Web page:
The Arrivals arrived first, with a fairly novel proposition for 2014: buy a high-end leather jacket directly from them, an online start-up, for around a third of the price of what you’d pay at Barneys or Bergdorf Goodman. DSTLD also launched in 2014, but didn’t start selling leather jackets directly to its consumers until 2016. And then last year, LTH JKT joined the herd with its motos and bombers.
These three companies do for leather jackets what Casper does for mattresses and Everlane does for sensible workday basics. They each work directly with factories and skip any kind of middleman retailer, in order to offer quality leather jackets close(r) to the raw cost of making them. Still, leather is expensive — even without the retail markup, the cheapest style here costs $350 — and can still feel anywhere from plush to papery. Here’s our informed buyer’s guide, with help from Cut fashion-market editor Lindsay Peoples Wagner.
The jacket we checked out: the Moya III, $1,095
The pitch: The Arrivals is the priciest of the bunch, in part because it’s emulating high-end design brands. These are Helmut Lang– or Acne-caliber leather jackets, but sold for $700 to $1,100 — so at 2.2 times the raw cost, instead of three times, which is the standard for a third-party markup. That 2.2 markup covers the Arrivals’ operating costs. It’s also the warmest jacket from any of these companies — co-founder Jeff Johnson says that they’ve taken inspiration from performance lines like Patagonia. As of 2016, the company also offers a lifetime warranty on its pieces.
How they do it: Johnson says that he and his team source materials from all over the world, depending on the different expertise of different regions. Structured cowhide from Germany; shearling comes from Spain. Everything gets stitched together in Istanbul (“They do amazing leather work,” Johnson says) and shipped directly to consumers who shop online or try on samples in the Arrivals’ brick-and-mortar pop-up in Soho. To make jackets as durable as possible, the Arrivals also partnered with 3M to develop a proprietary water-resistant shearling; custom zipper pulls come from Riri and YKK hardware.
How it feels: “This is the most fashion-y choice, obviously,” Wagner says of the brand, but also specifically the Moya III, which you’ve surely seen on an attractive person downtown. “But their fit is so, so slim — like ridiculously slim — I had to size up. It’s definitely a brand you have to try on, otherwise, you’re going to be doing the penguin move.”
The pitch: A $1,200 jacket, but for $500 to $700. LTH JKT focuses on making just a few classic leather jackets. “We’re somewhere where people can reliably go back to us and find the jacket they want,” says founder Andrew Pollard, the former president of Diesel who landed on the LTH JKT idea after moving to Los Angeles, wanting a leather jacket, but refusing to pay more than $1,000 for it.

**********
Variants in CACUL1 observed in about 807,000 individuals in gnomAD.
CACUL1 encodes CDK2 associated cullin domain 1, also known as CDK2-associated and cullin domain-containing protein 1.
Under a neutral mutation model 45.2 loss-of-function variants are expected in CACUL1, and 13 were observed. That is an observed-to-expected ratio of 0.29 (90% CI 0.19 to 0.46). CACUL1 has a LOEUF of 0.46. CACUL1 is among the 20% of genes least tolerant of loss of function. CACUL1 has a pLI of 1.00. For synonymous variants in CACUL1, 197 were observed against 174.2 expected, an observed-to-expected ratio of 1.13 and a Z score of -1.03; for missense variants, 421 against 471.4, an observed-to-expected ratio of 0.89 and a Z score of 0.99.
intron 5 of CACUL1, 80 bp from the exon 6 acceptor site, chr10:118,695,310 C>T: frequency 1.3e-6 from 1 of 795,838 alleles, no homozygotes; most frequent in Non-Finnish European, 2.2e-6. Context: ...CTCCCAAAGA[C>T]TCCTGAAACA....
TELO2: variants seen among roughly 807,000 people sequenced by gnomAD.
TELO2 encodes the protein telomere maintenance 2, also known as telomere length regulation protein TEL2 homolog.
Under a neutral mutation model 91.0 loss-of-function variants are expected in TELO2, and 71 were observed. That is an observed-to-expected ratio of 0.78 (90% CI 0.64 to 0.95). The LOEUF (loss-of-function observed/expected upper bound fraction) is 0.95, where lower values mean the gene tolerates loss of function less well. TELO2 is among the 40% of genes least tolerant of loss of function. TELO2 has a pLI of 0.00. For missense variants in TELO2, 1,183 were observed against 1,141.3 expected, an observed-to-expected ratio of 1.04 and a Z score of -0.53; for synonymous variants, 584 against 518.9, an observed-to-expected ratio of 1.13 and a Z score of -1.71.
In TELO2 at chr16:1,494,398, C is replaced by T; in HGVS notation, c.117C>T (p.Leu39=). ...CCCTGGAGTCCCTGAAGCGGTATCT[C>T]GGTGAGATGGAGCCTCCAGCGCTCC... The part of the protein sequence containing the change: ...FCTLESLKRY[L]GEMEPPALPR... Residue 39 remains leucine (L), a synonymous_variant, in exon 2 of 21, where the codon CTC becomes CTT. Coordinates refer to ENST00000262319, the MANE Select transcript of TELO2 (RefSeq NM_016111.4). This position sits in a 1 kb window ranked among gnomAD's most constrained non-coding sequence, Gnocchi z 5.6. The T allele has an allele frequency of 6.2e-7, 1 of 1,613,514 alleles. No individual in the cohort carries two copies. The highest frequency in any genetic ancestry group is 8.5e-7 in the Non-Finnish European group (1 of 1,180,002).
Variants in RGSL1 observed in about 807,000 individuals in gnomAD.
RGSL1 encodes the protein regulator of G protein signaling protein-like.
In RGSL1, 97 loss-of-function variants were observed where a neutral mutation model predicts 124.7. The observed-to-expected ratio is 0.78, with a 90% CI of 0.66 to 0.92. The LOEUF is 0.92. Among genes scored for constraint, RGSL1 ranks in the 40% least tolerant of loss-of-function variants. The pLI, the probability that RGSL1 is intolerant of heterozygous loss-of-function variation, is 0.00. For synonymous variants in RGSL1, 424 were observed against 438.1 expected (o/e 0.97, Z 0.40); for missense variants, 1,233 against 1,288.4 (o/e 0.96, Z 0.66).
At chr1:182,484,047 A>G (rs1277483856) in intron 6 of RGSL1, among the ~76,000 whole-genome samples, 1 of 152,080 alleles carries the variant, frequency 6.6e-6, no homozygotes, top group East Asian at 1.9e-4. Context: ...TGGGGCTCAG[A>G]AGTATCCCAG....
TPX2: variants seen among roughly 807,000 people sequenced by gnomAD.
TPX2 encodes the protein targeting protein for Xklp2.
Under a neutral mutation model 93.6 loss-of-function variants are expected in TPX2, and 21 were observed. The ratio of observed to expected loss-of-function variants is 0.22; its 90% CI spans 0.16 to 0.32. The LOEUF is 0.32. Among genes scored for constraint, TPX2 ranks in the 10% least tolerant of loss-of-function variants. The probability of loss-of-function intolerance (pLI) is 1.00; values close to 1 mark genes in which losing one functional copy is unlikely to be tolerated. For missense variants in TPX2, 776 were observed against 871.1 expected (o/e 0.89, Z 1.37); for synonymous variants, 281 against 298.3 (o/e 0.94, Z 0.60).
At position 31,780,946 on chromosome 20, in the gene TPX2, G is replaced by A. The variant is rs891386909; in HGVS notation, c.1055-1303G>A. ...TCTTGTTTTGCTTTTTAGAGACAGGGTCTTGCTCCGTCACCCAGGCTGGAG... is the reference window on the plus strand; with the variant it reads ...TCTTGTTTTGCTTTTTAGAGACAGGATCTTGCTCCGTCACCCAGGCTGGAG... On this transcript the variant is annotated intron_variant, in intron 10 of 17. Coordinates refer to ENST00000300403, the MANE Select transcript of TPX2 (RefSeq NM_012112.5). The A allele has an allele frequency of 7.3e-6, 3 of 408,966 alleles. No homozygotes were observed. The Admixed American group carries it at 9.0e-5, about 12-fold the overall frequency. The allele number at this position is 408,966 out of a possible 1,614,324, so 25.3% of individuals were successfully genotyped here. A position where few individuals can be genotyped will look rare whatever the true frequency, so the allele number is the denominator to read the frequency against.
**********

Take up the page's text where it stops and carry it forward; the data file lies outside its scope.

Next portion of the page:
How they do it: LTH JKT sources hide from New Zealand, Turkey, Spain, and Italy, and only uses leather that’s already a by-product of the meat industry. Pollard works with a manufacturer in India with 35 years in the business to make the leather jackets. Unlike the Arrivals or DSTLD, LTH JKT has an arrangement with the manufacturer, in which it has an equity stake in the company — so instead of LTH JKT buying the jackets and moving on, both LTH JKT and the factories make money when the jackets actually sell. Pollard sells them, in part, by setting up racks of sample sizes and touchscreen tablets in boutiques like Steven Alan in New York and Fred Segal in Los Angeles. Customers can try things on and order their jacket directly from the in-store tablet, with a cut going to those boutiques hosting LTH JKT.
How it feels: “The person who made this has clearly researched what makes a classic leather jacket — it just has two zippers, two buttons, and a main,” Wagner says. “Nobody needs five zipper pockets. And this leather, it has some texture, like it’s been touched, or warmed up a bit, so it doesn’t look too stiff, but it has some weight to it. I like this.”
The pitch: DSTLD prides itself on making bare-bones basics for city-dwellers, presumably ones in their 20s and 30s (“We’re the uniform of the creative class,” according to co-founder Corey Epstein), makes its leather jackets for $140 each, and sells them starting at $350. “Our jacket is not distinguishable from any other $900 leather jacket,” Epstein says. “But it’s the only one that’s $350.” DSTLD sells one style in six colors.
How they do it: Tanneries in India source leather for DSTLD; Epstein either doesn’t know or doesn’t want to say where the company sources its leather from, but he wagers a guess that the silver leather used for the metallic-colored Moto “could have come from Italy.” The bulk of DSTLD’s jackets (and jeans, and tees, and so on) are sold online, but the brand is opening small, “experiential” shops as a marketing vehicle. The first showroom is in Los Angeles; five stores will open next year.
How it feels: Per Wagner: “Women always complain that jackets aren’t long enough, so I don’t like this crop. You want it longer in the back, especially if you’re layering it. This leather is also really thin, and I don’t like the shininess. I think it’s too expensive — I would pay $150 for this.”
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